Continue reading: Welcome To Mooseport Review
Linklater scored critical praise for his similarly paced School of Rock, and makes only slight alterations to the slacker-mentors-kids formula in hopes of duplicating his success. His cringeworthy Bears places former major league pitcher Morris Buttermaker (Billy Bob Thornton) in charge of a scornful army of selfish brats, then marches them through conventional hurdles on the way to a preposterous championship game.
Continue reading: Bad News Bears Review
Rambling through its first 30 minutes with no real direction, The First Wives Club eventually turns into a story about three old friends who want to exact vengeance on their wayward ex-husbands. Elise (Hawn) is an aging movie star, obsessed, as most aging movie stars are, about her looks. Brenda (Midler) is a bitter ex-housewife who loves her son and bemoans her lack of funds to support him -- and hasn't changed her hair since 1969. Annie (Keaton) is basically a middle-aged version of Annie Hall, only now she has a lesbian daughter and an intrusive mother, and Woody Allen is nowhere to be seen.
Continue reading: The First Wives Club Review
Some manage, but most do not, and River drowns in tedium and cumbersome symbolism as a result. The 73-year-old Eastwood remains a meat-and-potatoes filmmaker. He's not afraid to take chances when selecting material, but his no-nonsense approach regardless of the content dooms this and other projects to a static and mind-numbingly wearisome state.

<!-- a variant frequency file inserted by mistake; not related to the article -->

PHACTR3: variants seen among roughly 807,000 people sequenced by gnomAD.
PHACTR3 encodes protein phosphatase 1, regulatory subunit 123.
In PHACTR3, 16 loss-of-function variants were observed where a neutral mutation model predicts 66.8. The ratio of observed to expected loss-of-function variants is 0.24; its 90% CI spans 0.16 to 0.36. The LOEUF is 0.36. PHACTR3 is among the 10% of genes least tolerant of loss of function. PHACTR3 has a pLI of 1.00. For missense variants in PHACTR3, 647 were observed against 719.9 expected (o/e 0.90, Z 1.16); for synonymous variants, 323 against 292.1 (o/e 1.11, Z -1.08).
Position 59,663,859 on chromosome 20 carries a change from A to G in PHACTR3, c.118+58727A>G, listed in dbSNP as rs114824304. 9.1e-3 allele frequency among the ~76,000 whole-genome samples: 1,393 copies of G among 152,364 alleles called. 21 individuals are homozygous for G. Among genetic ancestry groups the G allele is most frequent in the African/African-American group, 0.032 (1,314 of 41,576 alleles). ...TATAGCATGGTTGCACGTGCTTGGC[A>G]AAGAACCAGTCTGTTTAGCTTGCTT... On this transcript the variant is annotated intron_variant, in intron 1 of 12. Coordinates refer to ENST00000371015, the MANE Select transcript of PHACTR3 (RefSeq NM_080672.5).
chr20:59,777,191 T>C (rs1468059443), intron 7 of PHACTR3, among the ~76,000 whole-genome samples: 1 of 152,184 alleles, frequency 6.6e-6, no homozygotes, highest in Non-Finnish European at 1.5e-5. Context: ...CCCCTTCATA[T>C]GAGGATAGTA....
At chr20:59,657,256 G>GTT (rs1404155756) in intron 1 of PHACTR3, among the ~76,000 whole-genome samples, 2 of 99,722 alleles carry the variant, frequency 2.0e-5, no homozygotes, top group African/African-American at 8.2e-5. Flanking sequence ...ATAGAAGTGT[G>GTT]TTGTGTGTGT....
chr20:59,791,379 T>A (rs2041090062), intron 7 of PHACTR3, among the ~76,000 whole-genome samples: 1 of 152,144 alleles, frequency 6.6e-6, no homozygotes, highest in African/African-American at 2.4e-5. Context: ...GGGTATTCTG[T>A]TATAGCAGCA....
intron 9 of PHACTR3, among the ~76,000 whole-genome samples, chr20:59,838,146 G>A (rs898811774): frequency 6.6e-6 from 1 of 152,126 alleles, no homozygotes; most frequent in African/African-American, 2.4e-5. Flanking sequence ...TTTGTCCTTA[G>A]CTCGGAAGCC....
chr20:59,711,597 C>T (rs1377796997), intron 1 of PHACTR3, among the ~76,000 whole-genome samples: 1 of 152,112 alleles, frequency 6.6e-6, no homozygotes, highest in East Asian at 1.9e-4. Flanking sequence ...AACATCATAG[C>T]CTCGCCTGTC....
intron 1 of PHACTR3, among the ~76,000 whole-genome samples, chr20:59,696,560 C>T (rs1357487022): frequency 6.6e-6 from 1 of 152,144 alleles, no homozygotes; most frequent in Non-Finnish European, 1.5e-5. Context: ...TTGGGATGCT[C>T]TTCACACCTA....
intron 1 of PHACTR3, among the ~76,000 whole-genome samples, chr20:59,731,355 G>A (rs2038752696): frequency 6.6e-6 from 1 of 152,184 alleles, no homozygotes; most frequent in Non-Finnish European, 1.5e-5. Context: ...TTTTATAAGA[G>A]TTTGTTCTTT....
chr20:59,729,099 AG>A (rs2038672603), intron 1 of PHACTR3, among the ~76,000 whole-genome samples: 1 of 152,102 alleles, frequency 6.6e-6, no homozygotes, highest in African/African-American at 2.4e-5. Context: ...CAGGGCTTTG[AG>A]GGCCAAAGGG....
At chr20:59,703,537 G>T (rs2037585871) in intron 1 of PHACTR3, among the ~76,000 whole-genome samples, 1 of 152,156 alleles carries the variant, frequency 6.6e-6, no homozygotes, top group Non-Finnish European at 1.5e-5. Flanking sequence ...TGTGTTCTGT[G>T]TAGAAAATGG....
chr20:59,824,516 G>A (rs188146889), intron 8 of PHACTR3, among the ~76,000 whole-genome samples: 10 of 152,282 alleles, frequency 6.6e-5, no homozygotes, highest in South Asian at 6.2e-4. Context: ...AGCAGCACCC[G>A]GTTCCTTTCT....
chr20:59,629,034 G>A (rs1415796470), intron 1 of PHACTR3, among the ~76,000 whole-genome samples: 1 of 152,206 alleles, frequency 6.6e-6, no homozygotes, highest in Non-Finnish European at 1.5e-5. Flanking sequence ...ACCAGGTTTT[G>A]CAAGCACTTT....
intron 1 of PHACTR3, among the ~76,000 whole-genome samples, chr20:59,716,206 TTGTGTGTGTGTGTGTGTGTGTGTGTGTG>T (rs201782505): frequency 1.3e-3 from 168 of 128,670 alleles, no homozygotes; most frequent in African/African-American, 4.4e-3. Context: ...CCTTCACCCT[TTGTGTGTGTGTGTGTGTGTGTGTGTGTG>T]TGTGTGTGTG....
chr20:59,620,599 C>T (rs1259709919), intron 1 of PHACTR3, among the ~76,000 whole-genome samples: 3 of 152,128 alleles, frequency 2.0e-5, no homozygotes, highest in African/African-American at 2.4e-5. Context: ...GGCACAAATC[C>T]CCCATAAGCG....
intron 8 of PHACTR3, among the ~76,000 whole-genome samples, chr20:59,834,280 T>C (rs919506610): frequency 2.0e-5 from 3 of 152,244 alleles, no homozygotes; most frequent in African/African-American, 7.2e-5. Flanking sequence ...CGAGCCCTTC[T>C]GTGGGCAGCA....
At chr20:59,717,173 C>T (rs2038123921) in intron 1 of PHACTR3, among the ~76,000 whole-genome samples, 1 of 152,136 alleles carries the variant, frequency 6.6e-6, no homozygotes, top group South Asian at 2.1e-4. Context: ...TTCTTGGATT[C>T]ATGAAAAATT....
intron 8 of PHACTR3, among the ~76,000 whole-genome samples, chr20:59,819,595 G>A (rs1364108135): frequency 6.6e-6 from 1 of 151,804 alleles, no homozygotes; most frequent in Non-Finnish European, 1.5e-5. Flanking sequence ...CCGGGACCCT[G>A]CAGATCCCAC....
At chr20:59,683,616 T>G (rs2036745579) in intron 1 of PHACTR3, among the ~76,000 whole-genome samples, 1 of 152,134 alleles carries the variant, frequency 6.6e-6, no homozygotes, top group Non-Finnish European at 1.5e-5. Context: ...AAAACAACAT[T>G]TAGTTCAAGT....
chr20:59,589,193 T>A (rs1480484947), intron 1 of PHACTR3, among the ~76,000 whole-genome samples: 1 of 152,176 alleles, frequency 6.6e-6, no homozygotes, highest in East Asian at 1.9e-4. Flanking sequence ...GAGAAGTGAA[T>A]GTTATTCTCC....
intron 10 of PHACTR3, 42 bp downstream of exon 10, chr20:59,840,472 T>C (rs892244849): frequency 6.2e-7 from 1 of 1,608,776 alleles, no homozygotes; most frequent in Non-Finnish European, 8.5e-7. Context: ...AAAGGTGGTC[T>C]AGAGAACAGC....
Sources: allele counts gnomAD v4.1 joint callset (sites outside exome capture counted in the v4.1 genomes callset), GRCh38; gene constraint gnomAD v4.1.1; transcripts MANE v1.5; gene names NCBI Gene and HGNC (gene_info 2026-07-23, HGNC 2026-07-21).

Continue reading: Mystic River Review
A good example: Pollock was suicidal, maniacal and violent throughout his 44-year life. The first sentence of Naifeh's and Smith's book -- the very first sentence -- is this quote from Pollock: "I'm going to kill myself." Explains a lot, but for some odd reason, Harris only hints at Pollock's suicidal tendencies in his long-anticipated film.
Continue reading: Pollock Review
Smile stars Julia Roberts as Katherine Watson, a new teacher who has accepted a position to teach art history at Wellesley - the all women college in Massachusetts. Much to her dismay, the progressive thinking taught in California is not embraced by the stiff administrators at Wellesley, and prompts comments like, "You didn't come to Wellesley to help people find their way, you came to help people find your way."
Continue reading: Mona Lisa Smile Review
Six women from the U.S. with different life experiences and unique values are brought together in their quests to adopt a baby in an unstated South American country (though shot in and around Acapulco, Mexico). The problem they all face is the bureaucracy that's in charge of the process -- one that feels uncomfortably arbitrary, subject to more whim than substance.
Continue reading: Casa De Los Babys Review
As an actor portraying the inner turmoil of Jackson Pollock -- the revolutionary abstractionist known for his splatter-and-drip painting style -- Ed Harris gives a commanding, potent performance in "Pollock" that is a torrential mix of the artist's chaotic talent and his more chaotic psyche.
As a director depicting Jackson Pollock's world, Ed Harris (yes, he did double-duty on this film) captures with vivid, lively authenticity both the astute yet pretentious buzz of the 1940s Manhattan art scene and his subject's tumultuous personal life, marked by hard drinking and a stormy long-term affair with fellow painter Lee Krasner (Marcia Gay Harden).
Together Ed Harris the actor and Ed Harris the director create an imposing, invigorating cinematic biography fueled by its subject's stubborn, manic energy and his strangely uncommunicative charisma.
Continue reading: Pollock Review
Date of birth
14th August, 1959
Please follow the Official Twitter of #MarciaGayHarden at @MGH_8!